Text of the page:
INTEGRATE RESOURCES AND MODIFY FORECASTSModify water demand and supply-capacity forecasts to reflect the anticipated effec...
line 2)[b]    3   Average-day demand after conservation    4   Maximum-day demand before conservation [a]    5   Reduction...
4       Downsized project5       Savings from downsizing (line 3 less line 4)C       CAPITAL PROJECT POSTPONED6       Pres...
7      Total cost of implementing selected       conservation measures [e][a]    From Worksheet 7.[b]    Based on Workshee...
Worksheet 15: Implementation Schedule for Measures                 Measure       Required   Beginning   Completion   Line ...
11      12Worksheet 16: Implementation StrategyA. PUBLIC INVOLVEMENTDescribe plan for public involvement:B. MONITORING AND...
Date plan completed:      ……………………………………………………………………………Date plan approved:       …………………………………………………………………………...Approved b...
Water-use audits; Retrofits; Pressure management; Landscape effeicient                                          Level 3 me...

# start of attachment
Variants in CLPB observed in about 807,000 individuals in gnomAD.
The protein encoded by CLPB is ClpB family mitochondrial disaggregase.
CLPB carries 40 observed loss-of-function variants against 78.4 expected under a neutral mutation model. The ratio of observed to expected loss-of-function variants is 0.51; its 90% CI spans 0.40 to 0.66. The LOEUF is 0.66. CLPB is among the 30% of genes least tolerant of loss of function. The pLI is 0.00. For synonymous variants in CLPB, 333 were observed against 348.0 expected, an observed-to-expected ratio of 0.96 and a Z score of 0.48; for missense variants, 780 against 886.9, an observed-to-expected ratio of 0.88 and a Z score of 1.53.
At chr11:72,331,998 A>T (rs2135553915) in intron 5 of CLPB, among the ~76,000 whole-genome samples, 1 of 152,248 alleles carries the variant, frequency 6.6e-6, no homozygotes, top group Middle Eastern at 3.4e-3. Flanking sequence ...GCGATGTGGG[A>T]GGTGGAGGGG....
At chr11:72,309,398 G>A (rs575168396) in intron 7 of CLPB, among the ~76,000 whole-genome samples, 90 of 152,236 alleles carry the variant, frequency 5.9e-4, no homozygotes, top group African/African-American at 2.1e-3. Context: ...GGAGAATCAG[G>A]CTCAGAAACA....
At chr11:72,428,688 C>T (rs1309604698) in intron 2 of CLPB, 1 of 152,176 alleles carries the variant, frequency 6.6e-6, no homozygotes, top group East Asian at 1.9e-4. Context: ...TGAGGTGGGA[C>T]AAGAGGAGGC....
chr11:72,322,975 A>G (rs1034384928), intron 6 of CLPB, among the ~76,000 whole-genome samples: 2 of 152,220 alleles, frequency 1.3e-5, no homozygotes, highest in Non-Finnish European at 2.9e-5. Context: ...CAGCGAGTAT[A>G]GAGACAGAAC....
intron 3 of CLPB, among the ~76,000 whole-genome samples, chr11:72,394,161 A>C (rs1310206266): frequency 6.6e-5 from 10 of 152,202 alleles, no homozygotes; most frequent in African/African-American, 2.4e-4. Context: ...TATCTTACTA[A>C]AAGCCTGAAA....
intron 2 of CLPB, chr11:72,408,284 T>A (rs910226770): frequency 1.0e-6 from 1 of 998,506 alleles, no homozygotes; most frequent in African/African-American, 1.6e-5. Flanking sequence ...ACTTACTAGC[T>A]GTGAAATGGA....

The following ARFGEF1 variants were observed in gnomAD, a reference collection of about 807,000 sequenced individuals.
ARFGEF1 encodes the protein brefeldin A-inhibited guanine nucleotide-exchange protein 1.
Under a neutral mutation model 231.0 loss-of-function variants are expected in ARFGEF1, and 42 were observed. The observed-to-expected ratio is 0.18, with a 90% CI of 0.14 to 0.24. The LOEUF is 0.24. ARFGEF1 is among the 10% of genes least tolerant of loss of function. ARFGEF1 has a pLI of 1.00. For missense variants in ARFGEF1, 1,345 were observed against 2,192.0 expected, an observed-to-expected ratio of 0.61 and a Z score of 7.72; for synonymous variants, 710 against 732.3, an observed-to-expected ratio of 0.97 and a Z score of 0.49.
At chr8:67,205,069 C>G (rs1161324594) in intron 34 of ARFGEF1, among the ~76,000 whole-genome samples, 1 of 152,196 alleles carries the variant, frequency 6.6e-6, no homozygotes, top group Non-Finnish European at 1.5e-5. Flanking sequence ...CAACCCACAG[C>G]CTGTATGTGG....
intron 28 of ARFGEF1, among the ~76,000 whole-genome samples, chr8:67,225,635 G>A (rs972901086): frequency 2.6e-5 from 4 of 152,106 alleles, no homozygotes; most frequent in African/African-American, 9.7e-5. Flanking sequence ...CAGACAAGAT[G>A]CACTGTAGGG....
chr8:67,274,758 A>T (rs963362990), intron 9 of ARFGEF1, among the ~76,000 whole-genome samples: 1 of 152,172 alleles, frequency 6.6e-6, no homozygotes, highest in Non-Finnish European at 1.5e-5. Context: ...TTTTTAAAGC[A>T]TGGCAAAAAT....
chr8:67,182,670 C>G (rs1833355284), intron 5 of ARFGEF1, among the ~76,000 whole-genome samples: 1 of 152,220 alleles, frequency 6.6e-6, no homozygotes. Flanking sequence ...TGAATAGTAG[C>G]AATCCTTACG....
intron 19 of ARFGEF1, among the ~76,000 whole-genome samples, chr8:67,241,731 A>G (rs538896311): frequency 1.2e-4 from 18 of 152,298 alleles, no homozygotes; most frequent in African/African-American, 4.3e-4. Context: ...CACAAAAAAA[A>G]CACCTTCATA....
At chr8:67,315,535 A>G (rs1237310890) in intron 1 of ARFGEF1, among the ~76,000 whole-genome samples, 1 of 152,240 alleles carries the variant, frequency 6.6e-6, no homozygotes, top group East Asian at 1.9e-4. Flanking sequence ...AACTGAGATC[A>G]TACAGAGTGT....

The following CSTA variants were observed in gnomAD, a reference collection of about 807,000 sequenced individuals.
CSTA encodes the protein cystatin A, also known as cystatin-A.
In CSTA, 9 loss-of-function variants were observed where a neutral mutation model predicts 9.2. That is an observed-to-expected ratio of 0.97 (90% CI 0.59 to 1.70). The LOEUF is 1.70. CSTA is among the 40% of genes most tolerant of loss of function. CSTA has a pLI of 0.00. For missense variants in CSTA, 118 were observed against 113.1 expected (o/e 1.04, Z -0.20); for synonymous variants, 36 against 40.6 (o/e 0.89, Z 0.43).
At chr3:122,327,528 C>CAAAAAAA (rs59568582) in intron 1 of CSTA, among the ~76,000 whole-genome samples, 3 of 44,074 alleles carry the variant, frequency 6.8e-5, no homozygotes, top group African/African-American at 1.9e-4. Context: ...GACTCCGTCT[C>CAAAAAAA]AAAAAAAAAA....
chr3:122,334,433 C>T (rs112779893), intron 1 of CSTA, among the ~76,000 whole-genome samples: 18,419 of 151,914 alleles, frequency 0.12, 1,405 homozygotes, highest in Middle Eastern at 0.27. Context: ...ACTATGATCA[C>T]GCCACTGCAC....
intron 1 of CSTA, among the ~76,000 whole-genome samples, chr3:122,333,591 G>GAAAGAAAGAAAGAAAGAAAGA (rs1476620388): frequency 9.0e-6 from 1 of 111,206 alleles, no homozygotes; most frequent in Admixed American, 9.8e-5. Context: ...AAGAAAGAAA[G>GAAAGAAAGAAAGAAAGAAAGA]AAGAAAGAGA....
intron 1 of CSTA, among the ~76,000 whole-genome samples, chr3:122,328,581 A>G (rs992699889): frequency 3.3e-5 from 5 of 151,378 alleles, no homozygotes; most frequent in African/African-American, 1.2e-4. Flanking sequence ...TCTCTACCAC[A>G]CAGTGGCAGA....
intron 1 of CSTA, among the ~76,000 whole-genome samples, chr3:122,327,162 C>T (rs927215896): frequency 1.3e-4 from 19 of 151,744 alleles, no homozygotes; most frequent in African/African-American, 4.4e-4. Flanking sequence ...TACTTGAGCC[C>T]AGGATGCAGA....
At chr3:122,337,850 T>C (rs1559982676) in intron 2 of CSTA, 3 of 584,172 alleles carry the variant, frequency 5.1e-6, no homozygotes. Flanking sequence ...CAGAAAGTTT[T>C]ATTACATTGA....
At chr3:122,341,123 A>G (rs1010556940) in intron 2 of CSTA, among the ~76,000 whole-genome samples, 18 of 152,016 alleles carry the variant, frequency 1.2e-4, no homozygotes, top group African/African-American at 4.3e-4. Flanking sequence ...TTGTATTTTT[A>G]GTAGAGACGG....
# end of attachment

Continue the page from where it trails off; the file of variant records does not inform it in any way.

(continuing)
[P]                                                       Selective irrigation sub-         renovation                   ...
connection meters should be read at the same relative time in order to facilitate accuratecomparison and analysis.Meter ac...
[B]              User charges                 Metered ratesCost-of-service accounting: Water systems should use cost-of-...
customers change their water-use habits. These saving can be difficult to estimate. Alsopublic education may not produce t...
Water-use or end-use audits can provide water systems and their customers withinvaluable information about how water is us...
Retrofit kit available: A basic retrofit kit may include low-flow faucet aerators, low-flowshowerheads, leak detection tab...
Water conservation guidelines and plans
Water conservation guidelines and plans
Water conservation guidelines and plans
Water conservation guidelines and plans
Water conservation guidelines and plans
Water conservation guidelines and plans
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Water conservation guidelines and plans